Dr. Abochale, pulmonologist, joins Mercy

February 23, 2011

Dr. Eyad Abochale has joined St.

Joseph’s Mercy Clinic in Hot Springs

Pulmonologist Eyad Abochale, MD, has joined St. Joseph’s Mercy Clinic and is available to see new patients.

“I really like the way the work is structured here. We have one week in the ICU, one week in the hospital, and one week in the clinic,” Abochale said. “St. Joseph’s Mercy has a very good electronic health record system. It really makes it easier to take care of patients and communicate with healthcare providers.”

Abochale grew up in Syria but has lived in and around central Arkansas since 1998. He did his pulmonary critical care training at UAMS in Little Rock and has worked in Stuttgart, Brinkley and Hazen.

“My four children were all born in central Arkansas. We consider ourselves to be Arkansans,” Abochale said.

Abochale is a pulmonologist, also known as a pulmonary disease specialist. A pulmonologist is a medical doctor who specializes in treating disorders related to the lungs and respiratory system. He analyzes diagnostic tests, researches symptoms and administers appropriate treatments. Pulmonologists are skilled in helping patients with chronic conditions such as asthma, as well as acute complications of respiratory failure.

“Respiratory, lungs, critical care, ICU and also sleep medicine,” Abochale said. “We have a very diverse practice with simple problems like someone who is wheezing and coughing in the clinic to really sick patients in the ICU. We really get exposed to different things and that keeps it interesting.”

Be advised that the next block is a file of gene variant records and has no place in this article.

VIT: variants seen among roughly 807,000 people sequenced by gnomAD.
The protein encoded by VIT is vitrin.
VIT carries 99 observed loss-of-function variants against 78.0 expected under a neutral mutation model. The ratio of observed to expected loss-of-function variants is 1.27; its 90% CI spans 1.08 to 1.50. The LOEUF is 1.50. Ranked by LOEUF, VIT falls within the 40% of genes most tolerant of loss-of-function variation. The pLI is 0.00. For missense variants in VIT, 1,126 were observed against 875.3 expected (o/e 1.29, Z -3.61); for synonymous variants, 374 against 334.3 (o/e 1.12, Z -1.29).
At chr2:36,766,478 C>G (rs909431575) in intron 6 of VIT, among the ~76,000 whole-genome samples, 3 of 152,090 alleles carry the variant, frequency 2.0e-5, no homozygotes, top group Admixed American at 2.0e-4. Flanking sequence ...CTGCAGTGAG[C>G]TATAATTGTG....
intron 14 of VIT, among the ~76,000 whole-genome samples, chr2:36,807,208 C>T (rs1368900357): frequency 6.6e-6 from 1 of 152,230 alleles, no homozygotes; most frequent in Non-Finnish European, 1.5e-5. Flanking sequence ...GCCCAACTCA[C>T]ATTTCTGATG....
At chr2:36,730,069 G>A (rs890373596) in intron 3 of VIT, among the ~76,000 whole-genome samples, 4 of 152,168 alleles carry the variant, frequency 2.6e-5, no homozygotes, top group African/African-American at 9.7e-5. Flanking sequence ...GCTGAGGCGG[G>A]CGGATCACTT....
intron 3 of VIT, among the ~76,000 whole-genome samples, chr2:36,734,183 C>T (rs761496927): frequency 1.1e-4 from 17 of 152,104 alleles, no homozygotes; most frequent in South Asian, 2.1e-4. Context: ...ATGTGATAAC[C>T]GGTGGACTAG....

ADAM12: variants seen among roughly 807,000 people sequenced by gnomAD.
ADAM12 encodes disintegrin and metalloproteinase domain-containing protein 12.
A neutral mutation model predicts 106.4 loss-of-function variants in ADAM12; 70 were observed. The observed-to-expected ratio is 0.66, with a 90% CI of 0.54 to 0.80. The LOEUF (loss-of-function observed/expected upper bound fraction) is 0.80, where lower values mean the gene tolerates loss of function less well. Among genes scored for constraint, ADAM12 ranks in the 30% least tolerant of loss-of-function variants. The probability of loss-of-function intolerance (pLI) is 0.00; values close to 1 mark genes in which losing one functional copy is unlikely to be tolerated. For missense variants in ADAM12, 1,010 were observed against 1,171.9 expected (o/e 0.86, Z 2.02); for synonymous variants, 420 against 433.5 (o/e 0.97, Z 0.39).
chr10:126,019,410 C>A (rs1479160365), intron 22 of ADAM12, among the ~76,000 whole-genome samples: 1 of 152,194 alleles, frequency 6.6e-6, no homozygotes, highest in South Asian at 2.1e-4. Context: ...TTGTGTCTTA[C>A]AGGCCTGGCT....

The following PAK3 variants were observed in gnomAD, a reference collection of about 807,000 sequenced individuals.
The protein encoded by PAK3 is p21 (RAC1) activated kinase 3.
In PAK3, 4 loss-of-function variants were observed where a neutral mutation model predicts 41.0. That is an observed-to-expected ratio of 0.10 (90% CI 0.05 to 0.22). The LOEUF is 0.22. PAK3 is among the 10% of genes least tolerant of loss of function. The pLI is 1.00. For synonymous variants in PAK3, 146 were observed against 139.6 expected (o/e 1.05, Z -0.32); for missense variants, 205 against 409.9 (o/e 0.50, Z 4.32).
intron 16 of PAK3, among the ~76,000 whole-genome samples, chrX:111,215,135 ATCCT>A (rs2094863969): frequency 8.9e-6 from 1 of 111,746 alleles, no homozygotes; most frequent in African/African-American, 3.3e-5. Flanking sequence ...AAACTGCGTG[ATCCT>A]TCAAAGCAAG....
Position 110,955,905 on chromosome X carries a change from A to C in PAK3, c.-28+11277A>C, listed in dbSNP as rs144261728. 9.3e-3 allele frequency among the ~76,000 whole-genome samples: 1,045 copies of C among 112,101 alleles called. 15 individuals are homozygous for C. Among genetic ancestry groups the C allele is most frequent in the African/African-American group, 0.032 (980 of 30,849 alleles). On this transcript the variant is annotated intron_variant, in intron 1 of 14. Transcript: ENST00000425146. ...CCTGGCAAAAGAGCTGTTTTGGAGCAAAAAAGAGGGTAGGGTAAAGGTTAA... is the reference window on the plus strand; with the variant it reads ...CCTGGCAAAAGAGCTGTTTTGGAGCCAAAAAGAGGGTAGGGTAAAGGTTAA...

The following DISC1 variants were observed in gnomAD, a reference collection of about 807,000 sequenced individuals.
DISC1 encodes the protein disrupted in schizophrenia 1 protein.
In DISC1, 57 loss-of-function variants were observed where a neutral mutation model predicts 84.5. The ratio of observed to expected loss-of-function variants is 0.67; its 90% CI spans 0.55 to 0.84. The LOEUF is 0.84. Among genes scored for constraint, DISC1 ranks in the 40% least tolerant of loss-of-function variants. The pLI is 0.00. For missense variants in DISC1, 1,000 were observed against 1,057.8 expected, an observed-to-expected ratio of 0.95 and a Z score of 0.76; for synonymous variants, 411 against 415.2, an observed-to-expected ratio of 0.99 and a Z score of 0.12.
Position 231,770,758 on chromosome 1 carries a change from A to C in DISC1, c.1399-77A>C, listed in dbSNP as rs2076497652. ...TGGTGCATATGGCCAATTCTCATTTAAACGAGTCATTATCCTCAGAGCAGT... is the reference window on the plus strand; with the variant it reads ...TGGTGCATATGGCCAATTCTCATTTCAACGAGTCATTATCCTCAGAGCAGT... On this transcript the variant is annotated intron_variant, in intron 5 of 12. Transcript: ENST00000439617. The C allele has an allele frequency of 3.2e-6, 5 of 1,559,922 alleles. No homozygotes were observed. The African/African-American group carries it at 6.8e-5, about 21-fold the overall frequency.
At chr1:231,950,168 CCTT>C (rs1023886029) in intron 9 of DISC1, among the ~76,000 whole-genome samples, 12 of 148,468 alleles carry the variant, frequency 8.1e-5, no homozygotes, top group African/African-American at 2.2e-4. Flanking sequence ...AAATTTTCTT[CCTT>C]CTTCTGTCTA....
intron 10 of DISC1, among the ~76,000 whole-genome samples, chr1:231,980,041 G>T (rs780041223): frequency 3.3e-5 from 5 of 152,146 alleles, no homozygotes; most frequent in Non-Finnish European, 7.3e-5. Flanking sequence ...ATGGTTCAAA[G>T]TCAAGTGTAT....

Through the Mercy Sleep Lab, Abochale is able to help both before and after the procedure.

“The unique thing that I offer is the option of not only sending a report to the referring physician on the sleep study, but actually seeing those patients before and after their sleep study to try and connect the dots about what the study shows or how they’re doing with treatment and modifying their treatments,” Abochale said. “Especially patients who don’t respond to initial treatments. A lot of those difficult sleep patients are hard to manage for primary care physicians.”

When he’s not working, Abochale spends his time with his family and tries to maintain his fitness.

“I like to bike, walk, stay fit, run, and lift weights. I try to take care of my body, family and all of that,” he said.

Taking care of patients’ respiratory needs is a Work of Mercy.

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